Montreal·Personal Essay

I was the first member of my community to test positive for COVID-19. Here's what happened next

Montrealer Kathryn Jezer-Morton was the first person in her circle of friends and acquaintances to test positive for COVID-19, and that experience taught her a few things about her community.

It was brutal — and nobody got sick, writes Montrealer Kathryn Jezer-Morton

Kathryn Jezer-Morton hanging out at Père-Marquette Park. This is what happened after she tested positive for COVID-19. (Submitted by Kathryn Jezer-Morton)

I live in the Montreal's Plateau-Mont-Royal neighbourhood, but I might as well live anywhere. I belong to a big extended community of families, friends, colleagues and vague acquaintances that used to do all the usual fun things that humans do — picnics, birthdays, afternoons at the park, nights out hearing music, backyard hangouts that go on until after the kids should be in bed. We all miss the before times. We are all the same.

We've been cautious since March. I hardly saw anyone for months. But toward late September, during the lingering last hot breaths of summer 2020, as we looked ahead to a winter that confines us even at the best of times, we became too relaxed.

I know this because before the 28-day October lockdown began, I went inside my friends' houses, which I hadn't done in months. I saw their familiar coffee mugs all tucked up in their cupboards, and reached with my hand to open cutlery drawers (I remembered which drawers they were) for spoons to stir my coffee.

I also know this because in early October, I found out I had tested positive for COVID-19 — the first positive case in my extended group of friends. An immediate, absolute comeuppance for the fun we suspected all along we shouldn't be having.

The circumstances of my positive diagnosis were immediately scrutinized, and it was not a good look for me. A week prior, I had taken a test on a whim. My mother is unwell, and I worry about having to make an emergency trip to see her. One afternoon, around 3 o'clock, I began to worry, idly, about whether or not I had COVID. You know the feeling — we all do. But this time, instead of shaking it off, I decided to bike over to the nearest testing centre.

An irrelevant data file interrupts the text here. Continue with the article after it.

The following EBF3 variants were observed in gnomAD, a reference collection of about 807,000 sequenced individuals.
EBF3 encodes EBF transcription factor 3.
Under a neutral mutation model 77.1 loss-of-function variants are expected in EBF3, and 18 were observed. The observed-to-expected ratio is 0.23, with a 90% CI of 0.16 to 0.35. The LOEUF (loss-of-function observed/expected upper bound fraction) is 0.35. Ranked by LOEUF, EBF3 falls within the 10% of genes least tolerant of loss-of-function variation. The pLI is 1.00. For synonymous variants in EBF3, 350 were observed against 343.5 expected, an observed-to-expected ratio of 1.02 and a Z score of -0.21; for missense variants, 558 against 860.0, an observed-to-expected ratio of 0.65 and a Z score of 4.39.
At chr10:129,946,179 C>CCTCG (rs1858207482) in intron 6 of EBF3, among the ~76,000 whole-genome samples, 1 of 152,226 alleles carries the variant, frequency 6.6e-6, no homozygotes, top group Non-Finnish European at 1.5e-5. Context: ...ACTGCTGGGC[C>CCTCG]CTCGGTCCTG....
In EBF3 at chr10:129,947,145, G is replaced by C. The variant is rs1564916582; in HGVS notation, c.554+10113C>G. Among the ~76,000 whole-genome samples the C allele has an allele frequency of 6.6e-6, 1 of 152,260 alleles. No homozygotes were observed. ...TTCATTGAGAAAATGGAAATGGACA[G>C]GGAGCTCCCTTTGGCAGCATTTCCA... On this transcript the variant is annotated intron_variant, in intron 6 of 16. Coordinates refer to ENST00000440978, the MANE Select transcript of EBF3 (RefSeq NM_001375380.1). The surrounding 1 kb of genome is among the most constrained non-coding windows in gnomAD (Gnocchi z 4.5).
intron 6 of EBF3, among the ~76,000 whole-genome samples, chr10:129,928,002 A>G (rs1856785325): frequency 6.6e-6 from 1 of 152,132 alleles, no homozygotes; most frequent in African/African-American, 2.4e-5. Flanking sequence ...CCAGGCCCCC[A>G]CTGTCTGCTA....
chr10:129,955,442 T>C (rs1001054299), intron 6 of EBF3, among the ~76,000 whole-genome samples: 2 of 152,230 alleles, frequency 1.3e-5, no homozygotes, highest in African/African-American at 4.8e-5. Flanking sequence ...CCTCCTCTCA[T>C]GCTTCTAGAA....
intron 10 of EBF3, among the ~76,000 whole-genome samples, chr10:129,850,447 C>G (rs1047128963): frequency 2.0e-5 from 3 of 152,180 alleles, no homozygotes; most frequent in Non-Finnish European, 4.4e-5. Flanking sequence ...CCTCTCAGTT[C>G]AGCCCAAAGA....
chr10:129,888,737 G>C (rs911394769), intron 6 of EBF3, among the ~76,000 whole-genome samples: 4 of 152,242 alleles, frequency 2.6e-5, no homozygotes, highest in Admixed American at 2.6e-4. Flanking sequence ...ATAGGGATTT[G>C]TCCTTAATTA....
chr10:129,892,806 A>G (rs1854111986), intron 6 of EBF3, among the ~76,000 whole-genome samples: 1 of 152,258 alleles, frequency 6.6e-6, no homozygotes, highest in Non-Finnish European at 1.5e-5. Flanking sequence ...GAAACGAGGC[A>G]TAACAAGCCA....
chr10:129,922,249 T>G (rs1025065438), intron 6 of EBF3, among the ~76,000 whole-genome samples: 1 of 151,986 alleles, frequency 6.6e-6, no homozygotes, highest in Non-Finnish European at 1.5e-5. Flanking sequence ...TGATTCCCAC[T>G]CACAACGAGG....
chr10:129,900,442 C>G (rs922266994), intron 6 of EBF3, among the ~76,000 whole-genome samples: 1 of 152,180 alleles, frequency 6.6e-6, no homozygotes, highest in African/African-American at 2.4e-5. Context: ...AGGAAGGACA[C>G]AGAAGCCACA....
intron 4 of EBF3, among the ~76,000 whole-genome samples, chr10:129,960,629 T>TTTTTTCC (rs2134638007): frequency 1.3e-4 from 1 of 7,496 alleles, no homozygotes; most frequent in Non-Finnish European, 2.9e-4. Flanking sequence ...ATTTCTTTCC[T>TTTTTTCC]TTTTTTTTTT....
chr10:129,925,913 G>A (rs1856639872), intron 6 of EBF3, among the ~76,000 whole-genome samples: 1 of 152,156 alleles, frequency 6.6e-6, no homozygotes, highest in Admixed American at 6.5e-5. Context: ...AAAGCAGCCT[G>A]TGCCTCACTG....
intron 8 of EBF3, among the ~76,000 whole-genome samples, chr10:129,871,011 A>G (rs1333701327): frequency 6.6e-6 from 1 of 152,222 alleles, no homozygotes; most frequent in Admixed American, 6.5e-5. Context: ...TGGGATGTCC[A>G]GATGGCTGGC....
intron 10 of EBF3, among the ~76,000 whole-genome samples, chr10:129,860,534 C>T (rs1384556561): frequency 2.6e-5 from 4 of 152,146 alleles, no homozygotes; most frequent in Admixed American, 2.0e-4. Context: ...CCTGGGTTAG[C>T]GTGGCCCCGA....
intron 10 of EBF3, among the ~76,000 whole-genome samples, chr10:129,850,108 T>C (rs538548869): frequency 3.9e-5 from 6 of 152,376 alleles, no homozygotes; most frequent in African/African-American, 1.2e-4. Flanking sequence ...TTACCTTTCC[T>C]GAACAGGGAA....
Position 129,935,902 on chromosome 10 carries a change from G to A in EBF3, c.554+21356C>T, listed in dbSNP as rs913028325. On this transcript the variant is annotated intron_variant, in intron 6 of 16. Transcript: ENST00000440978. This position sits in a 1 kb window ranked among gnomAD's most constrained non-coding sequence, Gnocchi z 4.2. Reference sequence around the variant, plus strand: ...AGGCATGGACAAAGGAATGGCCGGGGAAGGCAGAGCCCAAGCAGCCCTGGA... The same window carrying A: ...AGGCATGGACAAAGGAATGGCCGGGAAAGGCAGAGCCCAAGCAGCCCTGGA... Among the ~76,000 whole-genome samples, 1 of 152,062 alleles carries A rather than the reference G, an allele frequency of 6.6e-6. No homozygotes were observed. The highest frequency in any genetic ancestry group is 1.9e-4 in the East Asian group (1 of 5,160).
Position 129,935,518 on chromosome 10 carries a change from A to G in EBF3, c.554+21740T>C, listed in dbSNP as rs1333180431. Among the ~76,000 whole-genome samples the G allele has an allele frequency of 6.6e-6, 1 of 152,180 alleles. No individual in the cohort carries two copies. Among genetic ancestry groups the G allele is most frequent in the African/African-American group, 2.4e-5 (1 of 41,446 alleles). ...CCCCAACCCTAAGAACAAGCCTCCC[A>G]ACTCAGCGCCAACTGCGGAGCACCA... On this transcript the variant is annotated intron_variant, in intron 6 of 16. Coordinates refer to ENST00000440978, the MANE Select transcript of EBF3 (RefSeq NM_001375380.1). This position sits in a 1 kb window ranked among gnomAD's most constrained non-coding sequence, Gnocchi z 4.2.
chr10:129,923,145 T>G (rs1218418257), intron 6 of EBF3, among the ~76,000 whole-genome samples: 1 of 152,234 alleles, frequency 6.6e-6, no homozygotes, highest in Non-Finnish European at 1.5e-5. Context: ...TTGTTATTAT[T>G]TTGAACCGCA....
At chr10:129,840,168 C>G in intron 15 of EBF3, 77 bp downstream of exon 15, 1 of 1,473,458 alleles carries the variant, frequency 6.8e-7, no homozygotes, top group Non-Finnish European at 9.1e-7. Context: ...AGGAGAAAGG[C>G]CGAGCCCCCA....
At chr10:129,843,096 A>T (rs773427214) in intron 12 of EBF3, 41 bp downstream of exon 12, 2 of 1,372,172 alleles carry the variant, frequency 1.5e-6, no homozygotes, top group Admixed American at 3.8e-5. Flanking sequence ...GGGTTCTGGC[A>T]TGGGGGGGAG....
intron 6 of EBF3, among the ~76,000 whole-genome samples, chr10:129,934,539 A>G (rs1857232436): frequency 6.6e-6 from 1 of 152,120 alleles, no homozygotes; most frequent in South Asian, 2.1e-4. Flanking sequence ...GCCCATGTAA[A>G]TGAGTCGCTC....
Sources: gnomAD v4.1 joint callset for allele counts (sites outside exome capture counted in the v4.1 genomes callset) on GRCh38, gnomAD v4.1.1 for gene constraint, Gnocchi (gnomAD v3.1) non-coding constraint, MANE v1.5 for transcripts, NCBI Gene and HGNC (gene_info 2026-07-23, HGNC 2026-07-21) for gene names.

I had no symptoms, no known exposure — just the same hum of anxiety that lives inside all of us now, constantly. I waited in line for 15 minutes, got swabbed, biked home. I felt relieved at having done something rather than just stew in my free-floating grief. There was a vanishingly small chance that I would test positive, and so I went about my business.

What happens when crisis reverberates through your tightly-and-loosely affiliated group, emanating outward from your body?

This is the part of my story that did not fly with some members of my community. Many people felt strongly that I should have isolated until I had my test results. This is, after all, what we are all supposed to do. Why didn't I isolate? What kind of carelessness was this?

I had just come out of a two-week quarantine, after having visited my mother across the border. Did I really think that was necessary again, with no symptoms or known exposure? I allowed myself to believe a rumour that "no news is good news," that after 48 hours of no results, I could assume I was negative.